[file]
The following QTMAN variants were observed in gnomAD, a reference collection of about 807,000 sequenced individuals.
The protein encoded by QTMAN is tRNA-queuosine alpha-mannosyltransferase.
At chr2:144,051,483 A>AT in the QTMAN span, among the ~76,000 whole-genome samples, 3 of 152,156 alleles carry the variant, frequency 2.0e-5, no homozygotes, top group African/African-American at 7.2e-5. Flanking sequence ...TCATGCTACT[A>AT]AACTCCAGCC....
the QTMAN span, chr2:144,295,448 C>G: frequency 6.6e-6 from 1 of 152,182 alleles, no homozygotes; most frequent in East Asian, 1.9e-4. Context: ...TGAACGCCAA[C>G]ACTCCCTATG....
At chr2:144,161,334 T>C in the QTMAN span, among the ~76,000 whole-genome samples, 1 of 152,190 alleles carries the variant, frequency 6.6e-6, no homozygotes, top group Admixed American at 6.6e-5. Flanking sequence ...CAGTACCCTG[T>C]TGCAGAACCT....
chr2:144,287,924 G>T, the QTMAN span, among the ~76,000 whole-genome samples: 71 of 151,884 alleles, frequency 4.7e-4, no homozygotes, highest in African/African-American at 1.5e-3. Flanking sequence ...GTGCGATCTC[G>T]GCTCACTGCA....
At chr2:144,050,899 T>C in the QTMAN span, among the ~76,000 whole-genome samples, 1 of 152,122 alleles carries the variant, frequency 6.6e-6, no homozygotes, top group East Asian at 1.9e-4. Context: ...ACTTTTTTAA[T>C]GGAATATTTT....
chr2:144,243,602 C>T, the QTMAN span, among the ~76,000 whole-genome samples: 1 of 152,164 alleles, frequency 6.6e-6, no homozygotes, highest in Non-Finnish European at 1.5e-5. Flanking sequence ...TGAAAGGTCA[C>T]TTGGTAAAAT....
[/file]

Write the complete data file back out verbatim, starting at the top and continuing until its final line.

The following QTMAN variants were observed in gnomAD, a reference collection of about 807,000 sequenced individuals.
The protein encoded by QTMAN is tRNA-queuosine alpha-mannosyltransferase.
At chr2:144,051,483 A>AT in the QTMAN span, among the ~76,000 whole-genome samples, 3 of 152,156 alleles carry the variant, frequency 2.0e-5, no homozygotes, top group African/African-American at 7.2e-5. Flanking sequence ...TCATGCTACT[A>AT]AACTCCAGCC....
the QTMAN span, chr2:144,295,448 C>G: frequency 6.6e-6 from 1 of 152,182 alleles, no homozygotes; most frequent in East Asian, 1.9e-4. Context: ...TGAACGCCAA[C>G]ACTCCCTATG....
At chr2:144,161,334 T>C in the QTMAN span, among the ~76,000 whole-genome samples, 1 of 152,190 alleles carries the variant, frequency 6.6e-6, no homozygotes, top group Admixed American at 6.6e-5. Flanking sequence ...CAGTACCCTG[T>C]TGCAGAACCT....
chr2:144,287,924 G>T, the QTMAN span, among the ~76,000 whole-genome samples: 71 of 151,884 alleles, frequency 4.7e-4, no homozygotes, highest in African/African-American at 1.5e-3. Flanking sequence ...GTGCGATCTC[G>T]GCTCACTGCA....
At chr2:144,050,899 T>C in the QTMAN span, among the ~76,000 whole-genome samples, 1 of 152,122 alleles carries the variant, frequency 6.6e-6, no homozygotes, top group East Asian at 1.9e-4. Context: ...ACTTTTTTAA[T>C]GGAATATTTT....
chr2:144,243,602 C>T, the QTMAN span, among the ~76,000 whole-genome samples: 1 of 152,164 alleles, frequency 6.6e-6, no homozygotes, highest in Non-Finnish European at 1.5e-5. Flanking sequence ...TGAAAGGTCA[C>T]TTGGTAAAAT....